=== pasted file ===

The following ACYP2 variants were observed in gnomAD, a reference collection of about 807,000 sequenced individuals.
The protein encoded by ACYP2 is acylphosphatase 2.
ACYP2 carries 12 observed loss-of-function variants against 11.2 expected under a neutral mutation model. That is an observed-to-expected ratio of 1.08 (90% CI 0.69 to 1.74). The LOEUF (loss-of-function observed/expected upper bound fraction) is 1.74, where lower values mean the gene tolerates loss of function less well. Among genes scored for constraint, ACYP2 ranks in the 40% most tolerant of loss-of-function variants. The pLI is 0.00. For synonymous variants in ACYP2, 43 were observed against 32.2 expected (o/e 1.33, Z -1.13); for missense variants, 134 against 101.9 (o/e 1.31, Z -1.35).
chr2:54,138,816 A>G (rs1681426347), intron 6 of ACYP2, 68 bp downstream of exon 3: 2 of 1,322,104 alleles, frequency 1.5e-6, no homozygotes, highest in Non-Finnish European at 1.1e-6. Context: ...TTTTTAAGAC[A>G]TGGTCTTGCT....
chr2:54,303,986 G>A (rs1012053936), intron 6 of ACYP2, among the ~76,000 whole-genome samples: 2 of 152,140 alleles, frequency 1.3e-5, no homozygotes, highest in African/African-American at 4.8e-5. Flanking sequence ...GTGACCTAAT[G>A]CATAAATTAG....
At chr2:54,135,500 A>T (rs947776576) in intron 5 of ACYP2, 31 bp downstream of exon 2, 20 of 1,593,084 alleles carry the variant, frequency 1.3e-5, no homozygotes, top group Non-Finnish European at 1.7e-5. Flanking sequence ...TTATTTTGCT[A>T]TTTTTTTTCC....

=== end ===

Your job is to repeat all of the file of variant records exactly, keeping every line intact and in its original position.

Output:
The following ACYP2 variants were observed in gnomAD, a reference collection of about 807,000 sequenced individuals.
The protein encoded by ACYP2 is acylphosphatase 2.
ACYP2 carries 12 observed loss-of-function variants against 11.2 expected under a neutral mutation model. That is an observed-to-expected ratio of 1.08 (90% CI 0.69 to 1.74). The LOEUF (loss-of-function observed/expected upper bound fraction) is 1.74, where lower values mean the gene tolerates loss of function less well. Among genes scored for constraint, ACYP2 ranks in the 40% most tolerant of loss-of-function variants. The pLI is 0.00. For synonymous variants in ACYP2, 43 were observed against 32.2 expected (o/e 1.33, Z -1.13); for missense variants, 134 against 101.9 (o/e 1.31, Z -1.35).
chr2:54,138,816 A>G (rs1681426347), intron 6 of ACYP2, 68 bp downstream of exon 3: 2 of 1,322,104 alleles, frequency 1.5e-6, no homozygotes, highest in Non-Finnish European at 1.1e-6. Context: ...TTTTTAAGAC[A>G]TGGTCTTGCT....
chr2:54,303,986 G>A (rs1012053936), intron 6 of ACYP2, among the ~76,000 whole-genome samples: 2 of 152,140 alleles, frequency 1.3e-5, no homozygotes, highest in African/African-American at 4.8e-5. Flanking sequence ...GTGACCTAAT[G>A]CATAAATTAG....
At chr2:54,135,500 A>T (rs947776576) in intron 5 of ACYP2, 31 bp downstream of exon 2, 20 of 1,593,084 alleles carry the variant, frequency 1.3e-5, no homozygotes, top group Non-Finnish European at 1.7e-5. Flanking sequence ...TTATTTTGCT[A>T]TTTTTTTTCC....